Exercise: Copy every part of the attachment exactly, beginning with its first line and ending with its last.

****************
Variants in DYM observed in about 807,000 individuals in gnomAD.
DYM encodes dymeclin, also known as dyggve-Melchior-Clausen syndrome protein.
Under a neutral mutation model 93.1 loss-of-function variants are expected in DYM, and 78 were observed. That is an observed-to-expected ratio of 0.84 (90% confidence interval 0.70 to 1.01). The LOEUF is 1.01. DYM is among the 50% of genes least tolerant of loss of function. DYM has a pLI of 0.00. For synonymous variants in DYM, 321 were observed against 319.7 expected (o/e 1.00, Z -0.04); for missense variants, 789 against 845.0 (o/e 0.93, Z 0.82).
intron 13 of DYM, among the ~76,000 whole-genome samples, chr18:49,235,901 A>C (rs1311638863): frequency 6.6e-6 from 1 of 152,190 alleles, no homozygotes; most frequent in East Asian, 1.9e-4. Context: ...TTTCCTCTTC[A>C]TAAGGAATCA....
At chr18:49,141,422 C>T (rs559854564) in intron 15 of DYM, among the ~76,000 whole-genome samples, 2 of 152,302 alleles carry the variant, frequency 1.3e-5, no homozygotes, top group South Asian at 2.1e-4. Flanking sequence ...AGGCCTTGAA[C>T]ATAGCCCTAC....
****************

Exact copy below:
Variants in DYM observed in about 807,000 individuals in gnomAD.
DYM encodes dymeclin, also known as dyggve-Melchior-Clausen syndrome protein.
Under a neutral mutation model 93.1 loss-of-function variants are expected in DYM, and 78 were observed. That is an observed-to-expected ratio of 0.84 (90% confidence interval 0.70 to 1.01). The LOEUF is 1.01. DYM is among the 50% of genes least tolerant of loss of function. DYM has a pLI of 0.00. For synonymous variants in DYM, 321 were observed against 319.7 expected (o/e 1.00, Z -0.04); for missense variants, 789 against 845.0 (o/e 0.93, Z 0.82).
intron 13 of DYM, among the ~76,000 whole-genome samples, chr18:49,235,901 A>C (rs1311638863): frequency 6.6e-6 from 1 of 152,190 alleles, no homozygotes; most frequent in East Asian, 1.9e-4. Context: ...TTTCCTCTTC[A>C]TAAGGAATCA....
At chr18:49,141,422 C>T (rs559854564) in intron 15 of DYM, among the ~76,000 whole-genome samples, 2 of 152,302 alleles carry the variant, frequency 1.3e-5, no homozygotes, top group South Asian at 2.1e-4. Flanking sequence ...AGGCCTTGAA[C>T]ATAGCCCTAC....